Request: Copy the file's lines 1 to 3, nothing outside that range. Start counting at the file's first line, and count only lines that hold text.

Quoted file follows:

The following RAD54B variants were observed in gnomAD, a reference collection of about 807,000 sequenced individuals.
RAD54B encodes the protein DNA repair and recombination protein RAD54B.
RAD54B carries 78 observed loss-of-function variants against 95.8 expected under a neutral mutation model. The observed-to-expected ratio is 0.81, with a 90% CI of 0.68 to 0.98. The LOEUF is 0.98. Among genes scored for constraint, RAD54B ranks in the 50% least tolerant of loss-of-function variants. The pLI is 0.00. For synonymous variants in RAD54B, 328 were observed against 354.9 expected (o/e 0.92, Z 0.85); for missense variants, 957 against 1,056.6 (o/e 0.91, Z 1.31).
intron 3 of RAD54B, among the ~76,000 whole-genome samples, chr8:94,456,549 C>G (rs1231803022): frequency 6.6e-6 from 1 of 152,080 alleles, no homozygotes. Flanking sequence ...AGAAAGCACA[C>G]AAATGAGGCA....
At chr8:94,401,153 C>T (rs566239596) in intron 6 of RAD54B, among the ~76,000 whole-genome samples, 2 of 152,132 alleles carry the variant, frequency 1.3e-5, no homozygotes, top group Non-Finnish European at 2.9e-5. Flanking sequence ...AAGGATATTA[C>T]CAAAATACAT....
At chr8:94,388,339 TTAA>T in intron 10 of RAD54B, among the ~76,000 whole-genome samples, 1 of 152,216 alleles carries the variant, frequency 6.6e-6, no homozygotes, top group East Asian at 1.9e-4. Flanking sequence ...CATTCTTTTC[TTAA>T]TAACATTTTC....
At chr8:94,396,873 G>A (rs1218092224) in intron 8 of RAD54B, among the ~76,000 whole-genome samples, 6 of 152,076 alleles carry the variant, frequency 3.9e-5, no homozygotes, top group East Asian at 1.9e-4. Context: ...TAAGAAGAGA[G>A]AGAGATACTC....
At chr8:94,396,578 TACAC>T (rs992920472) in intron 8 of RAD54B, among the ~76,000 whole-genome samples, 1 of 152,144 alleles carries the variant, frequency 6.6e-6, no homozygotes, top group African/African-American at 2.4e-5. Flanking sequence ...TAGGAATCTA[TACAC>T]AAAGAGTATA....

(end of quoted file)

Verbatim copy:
The following RAD54B variants were observed in gnomAD, a reference collection of about 807,000 sequenced individuals.
RAD54B encodes the protein DNA repair and recombination protein RAD54B.
RAD54B carries 78 observed loss-of-function variants against 95.8 expected under a neutral mutation model. The observed-to-expected ratio is 0.81, with a 90% CI of 0.68 to 0.98. The LOEUF is 0.98. Among genes scored for constraint, RAD54B ranks in the 50% least tolerant of loss-of-function variants. The pLI is 0.00. For synonymous variants in RAD54B, 328 were observed against 354.9 expected (o/e 0.92, Z 0.85); for missense variants, 957 against 1,056.6 (o/e 0.91, Z 1.31).